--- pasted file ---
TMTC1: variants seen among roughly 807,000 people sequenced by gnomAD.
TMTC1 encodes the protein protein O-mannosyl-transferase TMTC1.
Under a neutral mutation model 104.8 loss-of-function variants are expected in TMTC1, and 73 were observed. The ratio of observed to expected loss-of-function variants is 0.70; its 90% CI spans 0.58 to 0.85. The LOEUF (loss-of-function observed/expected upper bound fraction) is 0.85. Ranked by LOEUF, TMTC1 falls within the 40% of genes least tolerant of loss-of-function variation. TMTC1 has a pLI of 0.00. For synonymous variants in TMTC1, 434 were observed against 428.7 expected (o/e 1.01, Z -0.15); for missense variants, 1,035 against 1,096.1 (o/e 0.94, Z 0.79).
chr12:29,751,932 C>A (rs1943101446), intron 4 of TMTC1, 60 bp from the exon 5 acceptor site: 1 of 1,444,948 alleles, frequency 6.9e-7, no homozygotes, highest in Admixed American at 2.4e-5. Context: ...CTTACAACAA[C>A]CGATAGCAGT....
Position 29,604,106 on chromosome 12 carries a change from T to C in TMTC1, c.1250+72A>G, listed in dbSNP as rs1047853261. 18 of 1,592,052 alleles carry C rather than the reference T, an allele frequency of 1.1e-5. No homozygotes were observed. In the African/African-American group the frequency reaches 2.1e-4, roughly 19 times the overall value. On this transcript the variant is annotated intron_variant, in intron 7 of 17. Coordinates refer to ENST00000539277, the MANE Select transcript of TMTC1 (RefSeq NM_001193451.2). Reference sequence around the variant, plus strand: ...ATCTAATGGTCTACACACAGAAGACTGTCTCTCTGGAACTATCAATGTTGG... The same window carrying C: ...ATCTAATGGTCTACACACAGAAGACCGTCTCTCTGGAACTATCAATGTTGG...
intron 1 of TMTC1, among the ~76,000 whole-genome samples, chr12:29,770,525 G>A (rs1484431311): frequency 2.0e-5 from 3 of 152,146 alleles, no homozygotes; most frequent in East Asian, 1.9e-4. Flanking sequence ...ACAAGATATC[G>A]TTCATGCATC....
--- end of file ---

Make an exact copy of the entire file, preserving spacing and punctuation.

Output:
TMTC1: variants seen among roughly 807,000 people sequenced by gnomAD.
TMTC1 encodes the protein protein O-mannosyl-transferase TMTC1.
Under a neutral mutation model 104.8 loss-of-function variants are expected in TMTC1, and 73 were observed. The ratio of observed to expected loss-of-function variants is 0.70; its 90% CI spans 0.58 to 0.85. The LOEUF (loss-of-function observed/expected upper bound fraction) is 0.85. Ranked by LOEUF, TMTC1 falls within the 40% of genes least tolerant of loss-of-function variation. TMTC1 has a pLI of 0.00. For synonymous variants in TMTC1, 434 were observed against 428.7 expected (o/e 1.01, Z -0.15); for missense variants, 1,035 against 1,096.1 (o/e 0.94, Z 0.79).
chr12:29,751,932 C>A (rs1943101446), intron 4 of TMTC1, 60 bp from the exon 5 acceptor site: 1 of 1,444,948 alleles, frequency 6.9e-7, no homozygotes, highest in Admixed American at 2.4e-5. Context: ...CTTACAACAA[C>A]CGATAGCAGT....
Position 29,604,106 on chromosome 12 carries a change from T to C in TMTC1, c.1250+72A>G, listed in dbSNP as rs1047853261. 18 of 1,592,052 alleles carry C rather than the reference T, an allele frequency of 1.1e-5. No homozygotes were observed. In the African/African-American group the frequency reaches 2.1e-4, roughly 19 times the overall value. On this transcript the variant is annotated intron_variant, in intron 7 of 17. Coordinates refer to ENST00000539277, the MANE Select transcript of TMTC1 (RefSeq NM_001193451.2). Reference sequence around the variant, plus strand: ...ATCTAATGGTCTACACACAGAAGACTGTCTCTCTGGAACTATCAATGTTGG... The same window carrying C: ...ATCTAATGGTCTACACACAGAAGACCGTCTCTCTGGAACTATCAATGTTGG...
intron 1 of TMTC1, among the ~76,000 whole-genome samples, chr12:29,770,525 G>A (rs1484431311): frequency 2.0e-5 from 3 of 152,146 alleles, no homozygotes; most frequent in East Asian, 1.9e-4. Flanking sequence ...ACAAGATATC[G>A]TTCATGCATC....